Come Back, Motivation!

It was bound to happen:  I was doing such a great job studying and then a few things happened.  I went on vacation (zero studying), needed to prepare for several hearings (no studying), and realized I needed to prepare for a short language test (okay, so I guess it’s studying, but not in the way I intended).  Once I get into a routine, I don’t like to break it.  So when I said my German goal for 2013 would be listening, I don’t necessarily “like” having to shift focus onto reading–as exciting as the possibility may be.  The other problem is that I was just starting to get to the point where my language learning was becoming a daily activity; and then it stopped.

It’s pretty normal to have these setbacks.  Sometimes real work takes away from other activities, and we can’t devote as much time as we would like.  But the important thing to do is to focus on quality rather than quantity.  So even if I only study Polish 20 minutes per day instead of my goal of 1 hour, the least I can do is make them productive; whether that be through reviewing vocabulary, practicing writing, or getting a quick overview of the next lesson.  I don’t know how the polyglots with 10+ languages manage to study so much at a time, but I imagine they too struggle with this problem.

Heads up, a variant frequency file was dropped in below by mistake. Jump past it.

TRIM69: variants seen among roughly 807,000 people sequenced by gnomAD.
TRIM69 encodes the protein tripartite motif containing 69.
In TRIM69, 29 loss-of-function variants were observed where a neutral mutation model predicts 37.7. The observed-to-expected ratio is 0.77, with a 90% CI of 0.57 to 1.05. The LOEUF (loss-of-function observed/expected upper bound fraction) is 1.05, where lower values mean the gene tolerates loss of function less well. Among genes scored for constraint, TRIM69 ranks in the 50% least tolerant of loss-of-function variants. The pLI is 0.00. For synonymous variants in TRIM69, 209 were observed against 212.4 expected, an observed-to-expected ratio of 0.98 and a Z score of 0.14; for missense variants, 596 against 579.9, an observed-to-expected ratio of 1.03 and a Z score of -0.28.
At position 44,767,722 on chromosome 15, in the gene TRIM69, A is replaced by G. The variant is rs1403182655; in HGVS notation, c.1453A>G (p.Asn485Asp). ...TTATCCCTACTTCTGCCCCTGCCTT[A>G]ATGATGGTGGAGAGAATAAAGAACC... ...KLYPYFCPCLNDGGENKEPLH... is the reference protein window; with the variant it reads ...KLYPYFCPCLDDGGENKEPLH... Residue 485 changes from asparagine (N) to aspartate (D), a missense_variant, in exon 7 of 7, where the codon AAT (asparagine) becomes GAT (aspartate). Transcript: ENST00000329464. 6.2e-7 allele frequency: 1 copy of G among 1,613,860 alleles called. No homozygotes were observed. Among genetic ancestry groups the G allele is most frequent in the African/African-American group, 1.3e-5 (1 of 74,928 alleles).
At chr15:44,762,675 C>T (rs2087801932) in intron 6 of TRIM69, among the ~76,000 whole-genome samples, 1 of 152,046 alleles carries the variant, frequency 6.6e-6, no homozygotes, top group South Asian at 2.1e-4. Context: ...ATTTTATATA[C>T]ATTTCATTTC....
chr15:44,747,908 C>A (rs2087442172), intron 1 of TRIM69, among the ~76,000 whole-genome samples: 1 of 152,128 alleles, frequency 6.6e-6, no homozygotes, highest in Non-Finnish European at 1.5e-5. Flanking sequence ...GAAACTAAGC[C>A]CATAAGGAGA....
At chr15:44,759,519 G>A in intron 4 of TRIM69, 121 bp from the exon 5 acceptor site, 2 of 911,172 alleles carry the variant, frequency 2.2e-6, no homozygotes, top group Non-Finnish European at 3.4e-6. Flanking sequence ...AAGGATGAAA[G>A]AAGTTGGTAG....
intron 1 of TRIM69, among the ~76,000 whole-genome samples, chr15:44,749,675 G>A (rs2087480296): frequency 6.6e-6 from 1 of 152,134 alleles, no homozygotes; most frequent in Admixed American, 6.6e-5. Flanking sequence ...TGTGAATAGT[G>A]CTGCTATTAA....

So here’s what I’m doing to get back into the routine:

1.  Loss of Motivation, or Change in Routine? 

I suppose I’m lucky in that the motivation and the desire is still there.  This may be the most important thing:  determining whether I’ve really lost my desire or whether I just fell out of the habit for a little.  Luckily, it’s the latter for now.

2.  Slow Down!

Considering when the break came, I know I won’t be able to go back to multiple hours a day of studying and keep at it.  What I’m doing for Polish is starting with the last lesson I completed, and go through it again.  This will help me make sure I actually understood it, as well as keep me from learning new material when I’m just not ready.  I also set myself a goal of 20 minutes per day instead of one hour.  This is much more manageable, and will make it easier to add on time when I’m ready.

3.  Know When to Take a Break:

I don’t like to not finish what I begin.  So it’s difficult for me to admit that there will come a point when I just need a break.  Language learning is hard work, and it’s not “fun” for a long time.  Sometimes, it’s okay to just stop studying for a bit.  If you keep working even though you have no desire to do so, it doesn’t have a real benefit.  You get frustrated with yourself and with your language, and I doubt any lasting “learning” takes place.  I actually am considering just having a 4 day “off” period per month just to give myself a rest.

A lot of us who are learning languages probably aren’t in positions where we can dedicate seemingly unlimited amounts of time to learning.  Sometimes things come up and we need a break.  I think sometimes we might be a little too hard on ourselves.  After all, no great skill ever comes overnight, and it’s okay to admit that we need to slow down.

Now lets see if I can put my plan into action!



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